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Short Circuit

There's a home office riddle for you: What do you get when you plug too many pieces of computer equipment into one wall outlet? Can you say blowout?

"If you've got a 20-amp circuit, it holds only so many volts of electricity," says New York City architect Denise A. Hall. "And if your office is in a big room and you're using one electrical circuit for your television, your lights, your answering machine and your coffeemaker, chances are, you're going to overload it at some point."

But you can take steps to keep from blowing a fuse. Before you plug anything in, add up the total amperage of all the equipment you need to use. Standard wall outlets can handle between 115 and 120 volts. (Even if you've already plugged it all in and encountered no problems so far, count it anyway.) Does your grand total exceed the maximum? If so, it's time to call a professional electrician; more than likely, he or she will have to do some electrical rewiring so your office can handle all that high-tech equipment.

If power issues aren't a problem, make sure you at least use a surge protector, such as Curtis Computer Products' SP 9200T, which features eight outlets, Internet and telephone line protection, and an alarm that sounds when a surge occurs (cost: $54.99). Surge protectors are important because they diffuse those extra bursts of power that cause blackouts and destroy critical data, sometimes even equipment.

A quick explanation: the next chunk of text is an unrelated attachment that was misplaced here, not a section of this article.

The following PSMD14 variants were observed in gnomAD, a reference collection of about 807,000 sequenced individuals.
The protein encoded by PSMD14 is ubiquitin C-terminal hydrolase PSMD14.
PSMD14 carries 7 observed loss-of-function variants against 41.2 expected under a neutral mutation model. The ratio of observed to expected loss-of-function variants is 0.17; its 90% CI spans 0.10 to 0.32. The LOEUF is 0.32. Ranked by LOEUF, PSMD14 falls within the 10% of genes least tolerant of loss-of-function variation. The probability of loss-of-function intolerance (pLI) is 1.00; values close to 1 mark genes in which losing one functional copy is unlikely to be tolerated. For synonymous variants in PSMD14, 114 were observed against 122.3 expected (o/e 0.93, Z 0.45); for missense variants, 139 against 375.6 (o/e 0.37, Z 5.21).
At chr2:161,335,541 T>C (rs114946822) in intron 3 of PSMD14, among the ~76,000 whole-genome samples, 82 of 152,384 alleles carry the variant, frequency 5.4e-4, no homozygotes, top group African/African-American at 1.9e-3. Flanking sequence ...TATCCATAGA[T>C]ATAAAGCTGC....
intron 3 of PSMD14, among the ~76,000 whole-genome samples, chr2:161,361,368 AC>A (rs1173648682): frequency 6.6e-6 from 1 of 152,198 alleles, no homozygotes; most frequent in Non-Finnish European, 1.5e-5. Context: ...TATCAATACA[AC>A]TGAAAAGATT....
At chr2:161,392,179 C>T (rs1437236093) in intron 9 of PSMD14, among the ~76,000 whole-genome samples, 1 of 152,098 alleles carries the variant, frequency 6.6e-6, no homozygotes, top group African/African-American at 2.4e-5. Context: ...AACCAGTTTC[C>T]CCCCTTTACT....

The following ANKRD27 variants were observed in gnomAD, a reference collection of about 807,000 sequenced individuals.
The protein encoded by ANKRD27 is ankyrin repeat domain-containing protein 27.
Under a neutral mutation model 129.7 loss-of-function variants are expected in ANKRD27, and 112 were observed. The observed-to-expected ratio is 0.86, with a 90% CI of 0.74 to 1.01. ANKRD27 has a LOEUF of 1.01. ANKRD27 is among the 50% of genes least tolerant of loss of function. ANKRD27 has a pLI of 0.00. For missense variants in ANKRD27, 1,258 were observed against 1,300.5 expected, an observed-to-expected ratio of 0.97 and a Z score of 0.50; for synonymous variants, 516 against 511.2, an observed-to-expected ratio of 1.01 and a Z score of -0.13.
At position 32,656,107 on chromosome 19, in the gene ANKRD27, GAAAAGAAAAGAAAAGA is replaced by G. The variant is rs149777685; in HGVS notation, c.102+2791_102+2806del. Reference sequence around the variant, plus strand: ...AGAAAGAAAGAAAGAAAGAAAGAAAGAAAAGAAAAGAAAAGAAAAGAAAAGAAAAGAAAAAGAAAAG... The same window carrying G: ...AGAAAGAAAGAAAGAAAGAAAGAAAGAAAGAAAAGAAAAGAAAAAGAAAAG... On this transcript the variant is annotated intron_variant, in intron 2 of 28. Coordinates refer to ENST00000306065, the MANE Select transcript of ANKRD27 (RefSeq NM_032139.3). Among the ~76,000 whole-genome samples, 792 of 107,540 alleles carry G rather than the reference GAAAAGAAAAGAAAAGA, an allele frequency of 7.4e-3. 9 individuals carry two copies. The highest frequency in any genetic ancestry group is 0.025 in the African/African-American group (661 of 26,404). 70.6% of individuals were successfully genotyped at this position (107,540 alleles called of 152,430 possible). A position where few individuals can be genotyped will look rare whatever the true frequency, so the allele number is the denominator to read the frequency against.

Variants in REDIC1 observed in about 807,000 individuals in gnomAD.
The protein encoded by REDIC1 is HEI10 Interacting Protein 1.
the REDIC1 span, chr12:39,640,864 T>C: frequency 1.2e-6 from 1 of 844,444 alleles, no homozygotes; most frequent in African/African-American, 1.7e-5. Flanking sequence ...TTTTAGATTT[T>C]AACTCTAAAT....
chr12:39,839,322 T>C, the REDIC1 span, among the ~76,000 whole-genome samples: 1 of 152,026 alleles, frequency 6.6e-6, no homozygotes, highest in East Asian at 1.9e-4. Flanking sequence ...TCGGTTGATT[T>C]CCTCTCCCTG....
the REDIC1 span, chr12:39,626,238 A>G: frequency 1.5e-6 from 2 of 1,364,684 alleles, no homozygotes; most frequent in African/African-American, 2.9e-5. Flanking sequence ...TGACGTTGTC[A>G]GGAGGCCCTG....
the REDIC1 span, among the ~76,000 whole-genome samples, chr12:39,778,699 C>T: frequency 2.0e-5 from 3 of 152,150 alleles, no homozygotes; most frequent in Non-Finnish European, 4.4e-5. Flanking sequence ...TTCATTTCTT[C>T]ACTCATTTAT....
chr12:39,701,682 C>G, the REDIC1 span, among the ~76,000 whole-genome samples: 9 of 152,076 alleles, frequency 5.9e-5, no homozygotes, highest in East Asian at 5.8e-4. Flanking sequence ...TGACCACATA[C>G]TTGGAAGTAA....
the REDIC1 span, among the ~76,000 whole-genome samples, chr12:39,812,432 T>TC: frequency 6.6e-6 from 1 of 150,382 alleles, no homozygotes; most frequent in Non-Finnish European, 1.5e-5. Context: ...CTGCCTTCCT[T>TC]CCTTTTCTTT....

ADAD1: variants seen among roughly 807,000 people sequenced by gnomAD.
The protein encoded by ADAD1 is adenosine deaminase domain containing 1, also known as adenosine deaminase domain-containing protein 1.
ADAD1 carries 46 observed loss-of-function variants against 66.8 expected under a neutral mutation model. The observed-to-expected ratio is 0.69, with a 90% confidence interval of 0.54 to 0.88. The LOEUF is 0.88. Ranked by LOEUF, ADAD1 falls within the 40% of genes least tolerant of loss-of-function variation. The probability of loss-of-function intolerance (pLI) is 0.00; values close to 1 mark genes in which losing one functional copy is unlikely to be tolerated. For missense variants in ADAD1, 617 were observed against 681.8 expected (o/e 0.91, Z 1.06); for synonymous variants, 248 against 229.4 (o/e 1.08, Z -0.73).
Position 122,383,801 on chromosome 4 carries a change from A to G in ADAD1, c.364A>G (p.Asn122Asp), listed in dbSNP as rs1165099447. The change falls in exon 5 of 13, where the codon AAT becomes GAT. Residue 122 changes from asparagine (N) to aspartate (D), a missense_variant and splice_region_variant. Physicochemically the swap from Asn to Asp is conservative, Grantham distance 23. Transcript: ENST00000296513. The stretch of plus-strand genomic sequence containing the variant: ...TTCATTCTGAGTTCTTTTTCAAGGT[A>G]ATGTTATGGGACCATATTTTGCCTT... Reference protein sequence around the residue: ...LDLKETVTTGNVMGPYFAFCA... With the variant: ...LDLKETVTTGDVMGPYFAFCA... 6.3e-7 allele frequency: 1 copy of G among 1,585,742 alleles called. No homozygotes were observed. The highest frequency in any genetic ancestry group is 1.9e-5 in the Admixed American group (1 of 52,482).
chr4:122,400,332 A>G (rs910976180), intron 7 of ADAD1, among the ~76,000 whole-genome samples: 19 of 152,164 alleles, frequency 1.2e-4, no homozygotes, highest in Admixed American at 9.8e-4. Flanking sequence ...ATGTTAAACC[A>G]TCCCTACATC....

Once you have the wiring under control, don't overlook ventilation and temperature. Think personal comfort: If you're reasonably comfortable in the office, your PC probably is, too. But if you've set up shop in the attic or the basement (areas known for poor ventilation and extreme temperatures), try installing a ceiling fan or opening a window, if possible. Your goal is to get enough fresh air circulating around the office to diffuse the heat emanating from your equipment.

It really just boils down to common sense. With just a little bit of it, your business is sure to stay humming--and to keep overloaded circuits at bay.

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